Best Songs of 2009 – #5
I recently named Lily Allen’s Alright, Still on my list of the last decade’s best album so that gives you an idea of the act her sophomore release, It’s Not Me, It’s You, had to follow. This album wasn’t the equal of that one but it was great nonetheless, mining some new territory for Allen while legitimizing the acclaim she received for her debut.
As smart and sarcastic as Allen can be, and as withering with a put-down, I’ve always been most intrigued by her more romantic material. I suppose a sweet song from a bitter person feels more earned somehow.
Lily Allen makes my list of sexy performers for two reasons: attitude and accent. Yes, she’s a pretty woman, but in the way that somebody you work or go to school with is pretty… which is actually another part of her charm. There’s something very real about her brash no-bullshit style, a contrast to the pop princesses to whom she’d otherwise be compared.
And then there’s her voice, and particularly her accent. I’ve never considered myself a sucker for accents the way some people are. But in recent years I’ve noticed that some accents work a bit of magic on me. A slight southern accent can have that effect. Definitely a Scottish accent (as you’ll see later this week). And a working-class British accent… big winner. I could listen to Lily Allen sing all day just to hear her pronunciations.
It’s funny how you become a fan.
Often you just know… you know 30 seconds into the first song you hear by a new artist that they own you. I felt that way about Ben Folds, Elvis Costello, Tift Merritt, Josh Rouse, Belle and Sebastian and many others.
Other times you miss the boat completely and then circle back to catch up later. My favorite example is Lucinda Williams, whom I heard and shrugged off before revisiting her months later and falling hard. Another is Beck, whose Odelay initially went over my head. I rediscovered him through the laid-back Mutations and now I love it all.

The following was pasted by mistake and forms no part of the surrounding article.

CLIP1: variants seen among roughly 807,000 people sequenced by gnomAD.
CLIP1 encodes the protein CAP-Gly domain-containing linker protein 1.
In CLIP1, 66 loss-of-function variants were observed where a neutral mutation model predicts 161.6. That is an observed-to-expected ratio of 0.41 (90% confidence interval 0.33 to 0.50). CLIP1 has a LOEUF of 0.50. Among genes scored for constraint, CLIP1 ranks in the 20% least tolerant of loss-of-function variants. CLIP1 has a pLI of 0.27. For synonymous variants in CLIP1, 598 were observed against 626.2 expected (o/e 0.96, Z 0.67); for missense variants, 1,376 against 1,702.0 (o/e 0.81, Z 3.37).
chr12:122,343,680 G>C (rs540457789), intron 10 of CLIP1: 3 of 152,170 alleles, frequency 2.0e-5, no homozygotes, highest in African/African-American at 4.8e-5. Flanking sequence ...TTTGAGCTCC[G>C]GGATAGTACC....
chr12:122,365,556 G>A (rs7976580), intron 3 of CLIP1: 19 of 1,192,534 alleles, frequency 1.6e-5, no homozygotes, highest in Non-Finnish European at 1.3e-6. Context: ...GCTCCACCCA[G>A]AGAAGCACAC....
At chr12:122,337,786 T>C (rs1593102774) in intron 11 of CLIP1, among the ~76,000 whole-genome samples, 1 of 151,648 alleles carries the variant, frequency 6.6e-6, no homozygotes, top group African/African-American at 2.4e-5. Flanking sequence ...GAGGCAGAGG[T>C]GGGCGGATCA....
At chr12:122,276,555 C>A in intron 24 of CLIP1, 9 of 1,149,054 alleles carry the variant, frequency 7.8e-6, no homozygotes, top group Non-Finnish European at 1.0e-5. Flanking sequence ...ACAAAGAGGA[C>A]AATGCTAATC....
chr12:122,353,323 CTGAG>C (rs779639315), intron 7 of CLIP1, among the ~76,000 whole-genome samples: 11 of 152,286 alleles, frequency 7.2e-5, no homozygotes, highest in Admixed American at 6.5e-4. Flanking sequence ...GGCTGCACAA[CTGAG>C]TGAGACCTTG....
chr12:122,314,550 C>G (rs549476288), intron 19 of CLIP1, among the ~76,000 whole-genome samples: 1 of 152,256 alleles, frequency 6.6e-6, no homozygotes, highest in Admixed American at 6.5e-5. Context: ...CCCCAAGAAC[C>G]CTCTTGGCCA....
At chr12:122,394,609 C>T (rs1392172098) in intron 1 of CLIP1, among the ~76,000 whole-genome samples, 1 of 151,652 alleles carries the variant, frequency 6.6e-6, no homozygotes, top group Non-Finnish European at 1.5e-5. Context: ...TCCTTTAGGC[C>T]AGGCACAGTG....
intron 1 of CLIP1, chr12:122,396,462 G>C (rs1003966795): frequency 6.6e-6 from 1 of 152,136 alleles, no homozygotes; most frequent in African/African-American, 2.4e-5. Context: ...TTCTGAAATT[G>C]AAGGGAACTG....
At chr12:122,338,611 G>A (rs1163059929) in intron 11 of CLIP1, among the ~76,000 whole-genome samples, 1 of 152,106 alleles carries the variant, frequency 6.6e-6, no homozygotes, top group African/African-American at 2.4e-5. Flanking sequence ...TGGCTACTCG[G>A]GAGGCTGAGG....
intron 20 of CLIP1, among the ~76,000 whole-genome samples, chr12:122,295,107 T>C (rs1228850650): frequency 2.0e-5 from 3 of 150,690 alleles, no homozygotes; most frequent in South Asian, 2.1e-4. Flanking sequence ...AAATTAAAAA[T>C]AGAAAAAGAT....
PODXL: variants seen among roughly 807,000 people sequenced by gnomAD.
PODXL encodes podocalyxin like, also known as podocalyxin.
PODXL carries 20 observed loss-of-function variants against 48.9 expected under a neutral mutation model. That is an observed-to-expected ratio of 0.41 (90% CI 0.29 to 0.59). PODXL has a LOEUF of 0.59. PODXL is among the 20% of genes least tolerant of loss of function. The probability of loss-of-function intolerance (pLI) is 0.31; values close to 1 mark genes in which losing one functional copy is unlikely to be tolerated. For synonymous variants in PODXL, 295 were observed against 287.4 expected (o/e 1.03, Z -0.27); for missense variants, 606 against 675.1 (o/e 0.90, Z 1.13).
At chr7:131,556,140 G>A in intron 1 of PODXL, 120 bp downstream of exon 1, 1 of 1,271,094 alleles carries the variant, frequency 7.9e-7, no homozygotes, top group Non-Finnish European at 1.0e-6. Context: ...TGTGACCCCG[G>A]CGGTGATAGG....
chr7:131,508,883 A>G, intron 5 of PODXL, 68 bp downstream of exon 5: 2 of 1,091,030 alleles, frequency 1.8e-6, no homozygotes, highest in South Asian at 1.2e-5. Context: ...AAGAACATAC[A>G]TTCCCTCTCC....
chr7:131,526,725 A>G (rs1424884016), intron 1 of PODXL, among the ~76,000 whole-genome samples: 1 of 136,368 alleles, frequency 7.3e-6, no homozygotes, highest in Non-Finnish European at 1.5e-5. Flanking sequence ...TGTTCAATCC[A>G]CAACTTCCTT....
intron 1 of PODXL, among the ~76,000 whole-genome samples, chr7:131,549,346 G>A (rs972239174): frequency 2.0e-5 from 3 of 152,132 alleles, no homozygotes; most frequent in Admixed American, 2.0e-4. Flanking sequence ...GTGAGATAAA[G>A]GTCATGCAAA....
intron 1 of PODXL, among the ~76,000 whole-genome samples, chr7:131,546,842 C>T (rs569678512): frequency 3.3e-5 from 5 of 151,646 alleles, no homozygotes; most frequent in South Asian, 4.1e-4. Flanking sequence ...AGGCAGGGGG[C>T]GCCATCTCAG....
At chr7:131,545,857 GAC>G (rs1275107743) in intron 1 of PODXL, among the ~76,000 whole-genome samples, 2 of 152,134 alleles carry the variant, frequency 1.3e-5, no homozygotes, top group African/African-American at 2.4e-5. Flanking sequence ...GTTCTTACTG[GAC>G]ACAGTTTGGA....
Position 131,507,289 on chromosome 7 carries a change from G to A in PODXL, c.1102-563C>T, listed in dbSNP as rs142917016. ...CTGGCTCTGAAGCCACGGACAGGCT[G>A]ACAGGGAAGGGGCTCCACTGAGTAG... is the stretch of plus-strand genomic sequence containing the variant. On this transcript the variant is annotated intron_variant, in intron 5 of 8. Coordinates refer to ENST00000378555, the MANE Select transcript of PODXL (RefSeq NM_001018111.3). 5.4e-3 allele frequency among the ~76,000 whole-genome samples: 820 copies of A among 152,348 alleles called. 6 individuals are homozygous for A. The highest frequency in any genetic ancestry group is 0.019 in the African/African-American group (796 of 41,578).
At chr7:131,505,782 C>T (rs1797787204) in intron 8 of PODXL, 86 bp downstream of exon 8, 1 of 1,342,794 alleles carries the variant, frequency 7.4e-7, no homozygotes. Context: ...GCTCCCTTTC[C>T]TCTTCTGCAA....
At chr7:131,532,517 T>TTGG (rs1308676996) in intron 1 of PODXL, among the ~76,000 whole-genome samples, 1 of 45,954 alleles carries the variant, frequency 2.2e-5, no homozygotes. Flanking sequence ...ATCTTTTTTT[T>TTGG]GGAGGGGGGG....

Lily Allen’s second album, It’s Not Me, It’s You, sticks to the template of her smash debut Alright, Still — cheeky pop songs driven by piano and percussion — but introduces a hit-and-miss element of social consciousness.
That element is most apparent on strong opening track ‘Everyone’s At It’, about the abuse of both illegal and prescription drugs, and ‘Fuck You,’ a shot at G.W. Bush that feels about two years too late. That track, with it’s candy-sweet piano line and infectious chorus, would have made a great break-up song but it sinks fast as political commentary. It almost makes you feel bad for Bush. Almost.
Alex brought this up the other day and I told her I’d put it on my blog, so here I am being true to my word.
It’s funny how some British artists completely mask their accents in song while others sing it like they speak it. Is this a deliberate choice in either direction? Or is it the luck of the draw? And if it is a deliberate choice, in which direction?
In other words, do the non-accented singers (like, say, Bono) go out of their way to sound “American,” perhaps in the interest of U.S. sales? Or do the accented singers (like today’s choice, Lily Allen) play up their natural accents in song for effect?